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A working example wrt the supremum norm

  1. Dec 20, 2011 #1

    Could anyone give me a working example of a sequence of functions that converges to a function wrt to the supremum norm?

    Thank you.
  2. jcsd
  3. Dec 20, 2011 #2
    Depends on what you mean with "working example". A nice example is probably


    This converges to [itex]f(x)=e^x[/itex]. This convergence is uniform on each bounded set.
  4. Dec 20, 2011 #3
    Would this converge to the same function wrt to the integral norm?
  5. Dec 20, 2011 #4
    Yes. It is actually a nice exercise to show that it does. In fact, it suffices in this case to show that

    [tex]\int_a^b|f_n|\rightarrow \int_a^b |f|[/tex]
  6. Dec 20, 2011 #5


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    Pick a number a with ##0 < a < 1##. Let ##f_n(x) = x^n\hbox{ on }[0,a]##. Then ##\|f_n - 0\|\rightarrow 0##. Note that this fails if ##a=1##.
  7. Dec 20, 2011 #6
    LCKurtz' example is a really nice one!! It is nice to notice that it can be generalized into what is known as Dini's theorem:

    If [itex](X,d)[/itex] is a compact metric space and if [itex]f_n:X\rightarrow \mathbb{R}[/itex] are a sequence of functions such that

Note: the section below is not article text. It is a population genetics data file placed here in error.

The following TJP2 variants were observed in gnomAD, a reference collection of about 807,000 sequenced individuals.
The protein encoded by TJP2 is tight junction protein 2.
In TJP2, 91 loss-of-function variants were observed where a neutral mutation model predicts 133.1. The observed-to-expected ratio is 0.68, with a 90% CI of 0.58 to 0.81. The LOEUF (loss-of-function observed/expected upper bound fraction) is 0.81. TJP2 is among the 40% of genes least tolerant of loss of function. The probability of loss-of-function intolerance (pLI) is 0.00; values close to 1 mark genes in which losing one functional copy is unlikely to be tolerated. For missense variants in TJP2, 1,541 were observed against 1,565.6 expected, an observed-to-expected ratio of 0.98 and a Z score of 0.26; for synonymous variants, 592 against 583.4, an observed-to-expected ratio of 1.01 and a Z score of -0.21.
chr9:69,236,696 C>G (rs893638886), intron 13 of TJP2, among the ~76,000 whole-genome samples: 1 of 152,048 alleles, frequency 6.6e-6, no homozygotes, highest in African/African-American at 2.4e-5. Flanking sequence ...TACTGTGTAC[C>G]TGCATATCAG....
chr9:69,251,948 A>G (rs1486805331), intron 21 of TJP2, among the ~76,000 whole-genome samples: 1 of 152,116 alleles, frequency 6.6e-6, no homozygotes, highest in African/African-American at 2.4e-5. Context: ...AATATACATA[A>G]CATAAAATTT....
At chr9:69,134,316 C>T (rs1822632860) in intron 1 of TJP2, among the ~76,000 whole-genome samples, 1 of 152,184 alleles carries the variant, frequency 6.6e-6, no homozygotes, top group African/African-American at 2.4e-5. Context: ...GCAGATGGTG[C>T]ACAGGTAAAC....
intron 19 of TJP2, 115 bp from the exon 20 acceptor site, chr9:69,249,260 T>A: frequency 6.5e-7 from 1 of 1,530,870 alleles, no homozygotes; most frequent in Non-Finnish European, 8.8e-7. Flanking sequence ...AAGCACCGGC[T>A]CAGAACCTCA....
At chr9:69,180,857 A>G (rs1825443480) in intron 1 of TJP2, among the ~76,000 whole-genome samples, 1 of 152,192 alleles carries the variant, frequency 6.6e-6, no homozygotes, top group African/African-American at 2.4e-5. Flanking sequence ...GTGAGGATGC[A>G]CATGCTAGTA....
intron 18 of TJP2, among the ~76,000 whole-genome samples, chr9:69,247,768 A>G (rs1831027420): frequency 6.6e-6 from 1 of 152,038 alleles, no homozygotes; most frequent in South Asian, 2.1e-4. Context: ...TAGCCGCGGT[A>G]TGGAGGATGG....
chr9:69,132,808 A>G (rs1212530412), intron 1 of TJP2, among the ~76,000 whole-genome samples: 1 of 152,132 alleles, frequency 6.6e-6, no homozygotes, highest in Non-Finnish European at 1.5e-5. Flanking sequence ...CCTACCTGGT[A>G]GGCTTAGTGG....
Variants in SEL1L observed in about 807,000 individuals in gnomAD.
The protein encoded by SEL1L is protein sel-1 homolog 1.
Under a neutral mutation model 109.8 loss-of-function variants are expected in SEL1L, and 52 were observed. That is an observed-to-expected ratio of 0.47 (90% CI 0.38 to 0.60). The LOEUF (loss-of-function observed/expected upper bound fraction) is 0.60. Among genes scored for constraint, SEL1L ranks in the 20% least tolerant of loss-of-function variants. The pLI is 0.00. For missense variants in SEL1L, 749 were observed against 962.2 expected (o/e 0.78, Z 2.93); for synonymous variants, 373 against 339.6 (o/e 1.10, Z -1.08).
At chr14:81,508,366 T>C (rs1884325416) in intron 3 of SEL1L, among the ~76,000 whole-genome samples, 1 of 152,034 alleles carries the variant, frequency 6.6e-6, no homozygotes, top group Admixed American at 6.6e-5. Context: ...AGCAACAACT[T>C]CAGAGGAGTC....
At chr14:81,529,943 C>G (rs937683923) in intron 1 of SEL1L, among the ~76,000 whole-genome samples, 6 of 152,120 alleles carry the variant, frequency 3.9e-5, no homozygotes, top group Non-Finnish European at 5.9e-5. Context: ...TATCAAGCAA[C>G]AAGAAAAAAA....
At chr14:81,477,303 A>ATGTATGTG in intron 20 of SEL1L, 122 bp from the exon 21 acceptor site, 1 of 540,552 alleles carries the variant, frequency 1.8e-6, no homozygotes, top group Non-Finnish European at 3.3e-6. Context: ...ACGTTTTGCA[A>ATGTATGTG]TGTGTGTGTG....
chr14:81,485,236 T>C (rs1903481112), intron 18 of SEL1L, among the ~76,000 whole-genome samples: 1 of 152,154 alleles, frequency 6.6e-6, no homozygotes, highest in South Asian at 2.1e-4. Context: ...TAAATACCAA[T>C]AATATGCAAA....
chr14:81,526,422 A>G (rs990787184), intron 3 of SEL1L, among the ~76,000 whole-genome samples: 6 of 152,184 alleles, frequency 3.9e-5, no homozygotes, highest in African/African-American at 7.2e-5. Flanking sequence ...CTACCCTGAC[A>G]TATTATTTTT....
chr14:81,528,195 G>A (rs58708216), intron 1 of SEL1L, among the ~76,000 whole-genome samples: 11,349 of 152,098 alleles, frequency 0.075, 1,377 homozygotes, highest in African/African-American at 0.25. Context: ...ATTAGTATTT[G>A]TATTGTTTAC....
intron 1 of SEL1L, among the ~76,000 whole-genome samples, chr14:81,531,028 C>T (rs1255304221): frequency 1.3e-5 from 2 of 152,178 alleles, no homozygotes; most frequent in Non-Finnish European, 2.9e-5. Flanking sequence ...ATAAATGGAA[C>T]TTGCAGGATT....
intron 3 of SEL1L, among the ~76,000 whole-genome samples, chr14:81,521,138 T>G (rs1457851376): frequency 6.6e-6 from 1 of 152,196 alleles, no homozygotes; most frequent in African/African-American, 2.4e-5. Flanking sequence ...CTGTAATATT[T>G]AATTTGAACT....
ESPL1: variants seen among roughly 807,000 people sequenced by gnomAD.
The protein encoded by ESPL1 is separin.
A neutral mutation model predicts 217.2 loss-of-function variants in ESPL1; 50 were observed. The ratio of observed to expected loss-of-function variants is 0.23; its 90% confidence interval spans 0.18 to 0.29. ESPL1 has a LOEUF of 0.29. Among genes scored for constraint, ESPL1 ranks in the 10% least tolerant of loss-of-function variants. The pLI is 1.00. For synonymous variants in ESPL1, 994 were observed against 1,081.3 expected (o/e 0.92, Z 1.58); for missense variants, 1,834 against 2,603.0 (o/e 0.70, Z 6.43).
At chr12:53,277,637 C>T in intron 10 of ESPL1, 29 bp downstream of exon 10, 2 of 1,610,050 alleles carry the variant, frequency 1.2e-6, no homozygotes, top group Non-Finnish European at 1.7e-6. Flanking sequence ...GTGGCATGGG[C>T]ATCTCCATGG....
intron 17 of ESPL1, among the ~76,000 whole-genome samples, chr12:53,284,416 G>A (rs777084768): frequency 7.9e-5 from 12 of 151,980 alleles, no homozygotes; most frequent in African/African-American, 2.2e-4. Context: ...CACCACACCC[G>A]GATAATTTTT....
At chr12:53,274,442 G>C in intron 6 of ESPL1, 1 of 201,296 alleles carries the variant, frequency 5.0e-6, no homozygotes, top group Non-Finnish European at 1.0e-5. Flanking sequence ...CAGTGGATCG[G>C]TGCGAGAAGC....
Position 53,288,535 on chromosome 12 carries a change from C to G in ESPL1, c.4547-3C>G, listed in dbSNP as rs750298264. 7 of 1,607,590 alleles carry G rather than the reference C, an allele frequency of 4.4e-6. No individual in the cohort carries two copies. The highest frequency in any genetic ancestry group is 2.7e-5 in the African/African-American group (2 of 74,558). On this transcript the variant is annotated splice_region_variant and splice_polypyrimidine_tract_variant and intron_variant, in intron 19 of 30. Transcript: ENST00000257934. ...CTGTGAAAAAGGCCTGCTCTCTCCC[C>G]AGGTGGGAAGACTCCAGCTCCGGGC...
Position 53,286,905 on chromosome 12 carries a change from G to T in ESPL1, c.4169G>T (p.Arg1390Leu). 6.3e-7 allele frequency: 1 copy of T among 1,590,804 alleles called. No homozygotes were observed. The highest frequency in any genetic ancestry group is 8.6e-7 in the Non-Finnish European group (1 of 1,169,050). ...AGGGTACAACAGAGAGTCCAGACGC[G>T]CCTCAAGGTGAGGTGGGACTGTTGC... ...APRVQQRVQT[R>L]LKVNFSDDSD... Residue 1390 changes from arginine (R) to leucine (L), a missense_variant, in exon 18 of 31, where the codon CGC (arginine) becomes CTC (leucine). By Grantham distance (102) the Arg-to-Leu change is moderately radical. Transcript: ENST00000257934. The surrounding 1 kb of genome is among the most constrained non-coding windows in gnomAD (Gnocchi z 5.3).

- They are monotonically decreasing/increasing
    - They pointswize converge to a function f
    - f is continuous
    then the convergence is uniform.

    It is one of the few cases where pointsiwize convergence implies uniform convergence.

    LCKurtz' example follows with X=[0,a] (with 0<a<1), [itex]f_n(x)=x^n[/itex] and [itex]f(x)=0[/itex]. It is a nice exercise to see what goes wrong in the theorem if a=1.
  8. Dec 21, 2011 #7
    Would it be something like this...

    [itex]\displaystyle ||f_n(x)||_1=\int_{a}^{b}| \sum_{n=0}^{\infty} \frac{x^k}{k!}|dx[/itex] for c[a,b]
  9. Dec 21, 2011 #8
    Hmmm..but regarding post 3 ie a function f_n the converges to the same function f on both sup and integral norms...this function does not converge to a function but to zero.....?

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